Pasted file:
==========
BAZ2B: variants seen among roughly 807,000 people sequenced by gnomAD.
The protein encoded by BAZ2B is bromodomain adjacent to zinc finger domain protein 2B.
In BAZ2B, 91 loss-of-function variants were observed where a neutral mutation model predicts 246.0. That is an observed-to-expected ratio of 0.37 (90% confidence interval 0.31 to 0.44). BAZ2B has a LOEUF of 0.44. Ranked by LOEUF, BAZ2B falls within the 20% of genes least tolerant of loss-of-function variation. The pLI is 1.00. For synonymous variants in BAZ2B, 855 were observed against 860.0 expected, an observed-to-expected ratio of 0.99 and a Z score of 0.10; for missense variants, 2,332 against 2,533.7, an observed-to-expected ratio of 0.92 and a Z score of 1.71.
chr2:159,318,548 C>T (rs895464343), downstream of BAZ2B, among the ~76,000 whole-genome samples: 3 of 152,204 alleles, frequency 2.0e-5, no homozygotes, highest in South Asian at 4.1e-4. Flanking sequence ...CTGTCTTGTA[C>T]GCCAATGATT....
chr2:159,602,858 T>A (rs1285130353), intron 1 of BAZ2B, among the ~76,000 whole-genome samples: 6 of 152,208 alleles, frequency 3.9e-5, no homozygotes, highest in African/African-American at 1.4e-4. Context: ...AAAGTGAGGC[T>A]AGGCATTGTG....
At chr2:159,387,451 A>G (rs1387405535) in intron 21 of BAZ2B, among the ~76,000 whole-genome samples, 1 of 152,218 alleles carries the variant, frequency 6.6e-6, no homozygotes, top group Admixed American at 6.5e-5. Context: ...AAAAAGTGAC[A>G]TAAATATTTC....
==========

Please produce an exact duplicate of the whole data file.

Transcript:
BAZ2B: variants seen among roughly 807,000 people sequenced by gnomAD.
The protein encoded by BAZ2B is bromodomain adjacent to zinc finger domain protein 2B.
In BAZ2B, 91 loss-of-function variants were observed where a neutral mutation model predicts 246.0. That is an observed-to-expected ratio of 0.37 (90% confidence interval 0.31 to 0.44). BAZ2B has a LOEUF of 0.44. Ranked by LOEUF, BAZ2B falls within the 20% of genes least tolerant of loss-of-function variation. The pLI is 1.00. For synonymous variants in BAZ2B, 855 were observed against 860.0 expected, an observed-to-expected ratio of 0.99 and a Z score of 0.10; for missense variants, 2,332 against 2,533.7, an observed-to-expected ratio of 0.92 and a Z score of 1.71.
chr2:159,318,548 C>T (rs895464343), downstream of BAZ2B, among the ~76,000 whole-genome samples: 3 of 152,204 alleles, frequency 2.0e-5, no homozygotes, highest in South Asian at 4.1e-4. Flanking sequence ...CTGTCTTGTA[C>T]GCCAATGATT....
chr2:159,602,858 T>A (rs1285130353), intron 1 of BAZ2B, among the ~76,000 whole-genome samples: 6 of 152,208 alleles, frequency 3.9e-5, no homozygotes, highest in African/African-American at 1.4e-4. Context: ...AAAGTGAGGC[T>A]AGGCATTGTG....
At chr2:159,387,451 A>G (rs1387405535) in intron 21 of BAZ2B, among the ~76,000 whole-genome samples, 1 of 152,218 alleles carries the variant, frequency 6.6e-6, no homozygotes, top group Admixed American at 6.5e-5. Context: ...AAAAAGTGAC[A>G]TAAATATTTC....